The era of virtual reality is upon us! Soon we will all be wearing those wrap-around goggles, completely absorbed in a realer-than-real scenario of our choosing. A brave new world indeed, and maybe a little scary ... or exciting, depending on your point of view.
Except that the only new part is the goggles.
Have you ever “spaced out” for a few minutes and had no recollection of parking the car and entering the house? Or sat in a lecture for an hour and had no memory of what was said?
Have you ever had a fantasy so real that you acted on it, such as avoiding someone in the store who you thought was mad at you because they didn’t answer an email, only to find out you had their address wrong? You made up that virtual reality scenario and then acted on it. And we do this all the time. How is this possible?
Our thinking is a masterful creator of virtual reality. Free of charge, no equipment needed. We create internal scenarios that are so real, Steven Spielberg would be jealous. 4D and technicolor. Surround sound. Powerful enough to create sweaty palms, pounding heart, and shaky hands, or worse. Or just an absorbing daydream, no more harmful than a few minutes lost to the world. At night, we call these experiences nightmares and dreams, but then we wake up and know they weren’t real. Not so easy with daydreams and day-mares. These all-absorbing thought-created virtual realities are much more difficult to dismiss as illusory.
This is an interesting phenomenon we all can relate to. But it’s much more than interesting: It is indicative of the world of thought we live in all the time, but only occasionally become aware of. Why do we need to know this? What difference does it make?
The harmless daydream that seems so real or the harmful panic attack that scares the living daylights out of us have one and the same source: thought in the moment. The amazing fact is that ALL of our experience comes from the same source: thought in the moment, no exceptions. And we need to know this because our quality of life depends on it.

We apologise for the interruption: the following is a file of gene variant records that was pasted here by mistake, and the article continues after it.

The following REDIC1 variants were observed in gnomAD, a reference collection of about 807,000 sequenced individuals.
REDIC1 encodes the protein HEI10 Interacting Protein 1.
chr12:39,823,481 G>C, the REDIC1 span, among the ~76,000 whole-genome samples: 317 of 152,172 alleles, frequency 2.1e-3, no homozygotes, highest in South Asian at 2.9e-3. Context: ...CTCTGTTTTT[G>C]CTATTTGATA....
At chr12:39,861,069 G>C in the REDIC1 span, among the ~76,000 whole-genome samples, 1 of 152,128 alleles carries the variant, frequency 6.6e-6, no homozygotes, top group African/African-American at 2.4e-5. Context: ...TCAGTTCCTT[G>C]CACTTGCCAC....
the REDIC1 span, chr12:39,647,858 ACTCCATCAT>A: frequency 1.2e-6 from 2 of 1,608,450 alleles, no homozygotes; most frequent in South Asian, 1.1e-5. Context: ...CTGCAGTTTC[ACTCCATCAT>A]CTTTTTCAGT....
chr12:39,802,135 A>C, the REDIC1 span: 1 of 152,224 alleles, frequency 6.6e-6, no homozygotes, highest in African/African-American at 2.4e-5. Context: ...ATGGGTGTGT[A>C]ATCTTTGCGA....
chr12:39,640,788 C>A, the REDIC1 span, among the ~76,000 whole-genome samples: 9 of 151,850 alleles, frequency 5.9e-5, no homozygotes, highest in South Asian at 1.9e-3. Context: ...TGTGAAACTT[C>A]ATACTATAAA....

Imagine the difference between thinking another driver has made you so mad by tailgating that you must get revenge by slowing down to a crawl, risking a dangerous accident, versus realizing that the person’s actions are bad driving but are not causing your anger. What’s causing you to get mad is the way you’re thinking about his driving, and that thought is making you madder and madder the more you think it. Stop thinking it, and the anger disappears like magic (really). If you’re not thinking it, it can’t upset you. But your built-in virtual reality creates the illusion that the anger is really coming from the tailgater, and this illusion is very, very convincing. Only seeing through the illusion can restore your sanity and your peace of mind.
Reality is what’s real whether you’re thinking it or not; virtual reality seems real only when you’re thinking it. This is a good test to apply to real-life experiences to determine whether or not they’re real.
It’s not that there’s no reality out there; it’s just that it doesn’t really matter as much as you might think, because that’s not where our experience is coming from.
The mechanism of the virtual reality machine and its source in thought in the moment never change. We were born with it and it will be up and running until our last breath. The good news is that we can, metaphorically, take off the nonexistent goggles by recognizing what’s really going on. Human psychology has a self-healing mechanism called awareness. When we’re aware of the truth of the source of our experience, the illusion drops away and we’re left with our innate health, happiness, and peace of mind.
And it works the same way for everyone. Realizing that we all get lost in the virtual reality illusion makes it a lot easier to feel compassion for others instead of anger and resentment. We’re all in this virtual reality illusion together.
Taking off the metaphorical virtual reality goggles by seeing the true source of our experience gives us access to the truth of who we are: innately healthy, peaceful, calm, loving, and happy little pieces of the Creator. Too good to be true? Not really, because it happens to be true, and always has been.
By Betty Cherniak